The Sage Grouse Initiative honors the ranchers who are stewards of vast sagebrush country, home to 40 percent of the remaining birds.  Today, more than 950 ranchers have voluntarily enrolled their lands in Sage Grouse Initiative projects, designed for win-win solutions for wildlife and for ranching. They’re partnering up to enhance their grazing systems for wildlife and in the process to encourage more nutritious forage for livestock. They’re conserving big ranches from development, removing invasive junipers, and marking fences to prevent collisions.

When we get to know the people where sage grouse live, we join the greater neighborhood of life in sagebrush country. Here we’ll share a few photographs and quotes from the people of the wide open western range. We’ll note the closest town to where they live to give you a general sense of the geography of their home.

BrysonMasiniThe Masini Family, Wellington, Nevada

The Masini family lives and breathes cattle ranch in the shadow of the Sweetwater Mountains. They also take pride in the sage grouse that find water and shelter on their ranch and are taking action several ways, from clearing invasive pinyon pines and marking fences to putting a conservation easement on a key part of their land. The Reno Gazette Journal featured the easement on the Sweetwater Ranch on May 15, 2013.

“The Sage Grouse Initiative helps our family stay in ranching. It helps us and it helps the birds,” says Bryson Masini.

PhillipsDon and Sheila Phillips, Ranchers, Ely, Nevada

Cattle ranchers Don and Sheila Phillips of Ely, Nevada, are enrolled in SGI, improving their rangelands to benefit nesting sage grouse. They’ve also marked fences to prevent bird collisions. Don personally witnessed a sage grouse seeing the marker and flying over it instead of into the fence. Read more about the Phillips.

BoClark_IdahoBo Clark, Rancher, Arco, Idaho

Here’s a bit of kitchen table conservation in action. Bo Clark, featured in center of photo, and his son Hadley (right), discuss a Grasslands Reserve Program (GRP) conservation easement with Cary Myler, Partners Biologist with the U.S. Fish & Wildlife Service. They’re looking at future habitat projects that are all under the umbrella of the Sage Grouse Initiative, via the NRCS and Farm Bill dollars.

maggiemiller_wyomingMaggie Miller, Rancher, Pinedale, Wyoming

Maggie Miller put conservation easements on her land in magnificent sagebrush-steppe country. Teaming up with her neighboring ranchers Albert Sommers and his sister Jonita Sommers, an impressive 19,000 acres of critical sage grouse habitat is now protected. Called the Sommers-Grindstone Conservation Project, it’s a historic land agreement involving nineteen partners with a key role played by the Wyoming Stock Growers Land Trust.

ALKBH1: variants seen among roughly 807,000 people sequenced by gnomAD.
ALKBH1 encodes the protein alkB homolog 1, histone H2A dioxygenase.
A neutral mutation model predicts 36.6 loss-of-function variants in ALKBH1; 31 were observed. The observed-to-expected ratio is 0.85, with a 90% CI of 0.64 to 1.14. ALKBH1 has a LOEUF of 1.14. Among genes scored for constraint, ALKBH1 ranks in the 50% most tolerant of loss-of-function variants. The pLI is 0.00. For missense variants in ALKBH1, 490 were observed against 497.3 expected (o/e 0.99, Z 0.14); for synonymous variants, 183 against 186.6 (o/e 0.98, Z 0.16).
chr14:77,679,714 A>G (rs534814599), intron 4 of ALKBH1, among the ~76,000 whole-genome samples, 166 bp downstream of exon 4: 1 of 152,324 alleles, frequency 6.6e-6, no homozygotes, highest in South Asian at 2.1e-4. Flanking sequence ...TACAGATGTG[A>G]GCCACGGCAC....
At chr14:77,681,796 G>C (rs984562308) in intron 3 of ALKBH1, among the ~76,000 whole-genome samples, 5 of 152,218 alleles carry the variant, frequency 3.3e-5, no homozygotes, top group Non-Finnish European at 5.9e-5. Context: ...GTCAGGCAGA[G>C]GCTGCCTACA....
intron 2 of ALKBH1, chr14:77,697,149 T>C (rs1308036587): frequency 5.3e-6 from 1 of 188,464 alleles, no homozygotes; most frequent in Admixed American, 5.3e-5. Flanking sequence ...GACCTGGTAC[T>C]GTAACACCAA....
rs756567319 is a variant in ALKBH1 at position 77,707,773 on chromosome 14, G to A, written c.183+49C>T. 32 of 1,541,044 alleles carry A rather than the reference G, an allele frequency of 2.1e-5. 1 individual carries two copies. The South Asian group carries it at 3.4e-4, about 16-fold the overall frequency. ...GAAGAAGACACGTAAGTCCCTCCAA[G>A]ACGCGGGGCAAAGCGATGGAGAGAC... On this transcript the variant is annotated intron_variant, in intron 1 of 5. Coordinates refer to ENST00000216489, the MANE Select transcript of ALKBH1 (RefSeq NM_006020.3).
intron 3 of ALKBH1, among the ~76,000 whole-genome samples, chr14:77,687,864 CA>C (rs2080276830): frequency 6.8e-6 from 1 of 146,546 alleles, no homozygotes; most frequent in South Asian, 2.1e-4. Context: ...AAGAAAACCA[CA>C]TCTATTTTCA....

Learn more about her story on the SGI video about conservation easements.

KDLeanderPDFKay D. Leander, Rancher, Leahy Junction, Washington

“We always take good care of our grass. You can’t starve a profit out of a cow.” – Kay D. Leander

“We’re on the gain here for sage grouse,” says rancher Kay D. Leander, who lives in Douglas County near Leahy Junction, about 30 miles west of Grand Coulee Dam, Washington. Leander keeps his eye on the sage grouse that use his ranch, along with other wildlife. He’s pleased that with Sage Grouse Initiative funding, he’s able make improvements that he wouldn’t be able to afford on his own. For instance, new fencing allows him to rest more pastures. Here, he is with his son Joel, mending fences.

Read more here, news article and NRCS PDF.

willyhaggeWilly Hagge, Rancher, Alturas, California

Keeping the sage grouse from being listed under the ESA, helping the birds return to historic range, and benefiting the grass and sagebrush lands are three goals for Willy Hagge, who lives in fine river bottomland near Alturas, with wildlife-filled ponds. He depends on his grazing leases on the Modoc National Forest, and is enrolled in juniper removal projects on lease land with SGI dollars. The goal is to connect historic corridors and bring back a small population now centered on Clear Lake National Wildlife Refuge.

Read more, Western Livestock Journal article.

Okeefe_ORJohn O’Keeffe, Rancher, Adel, Oregon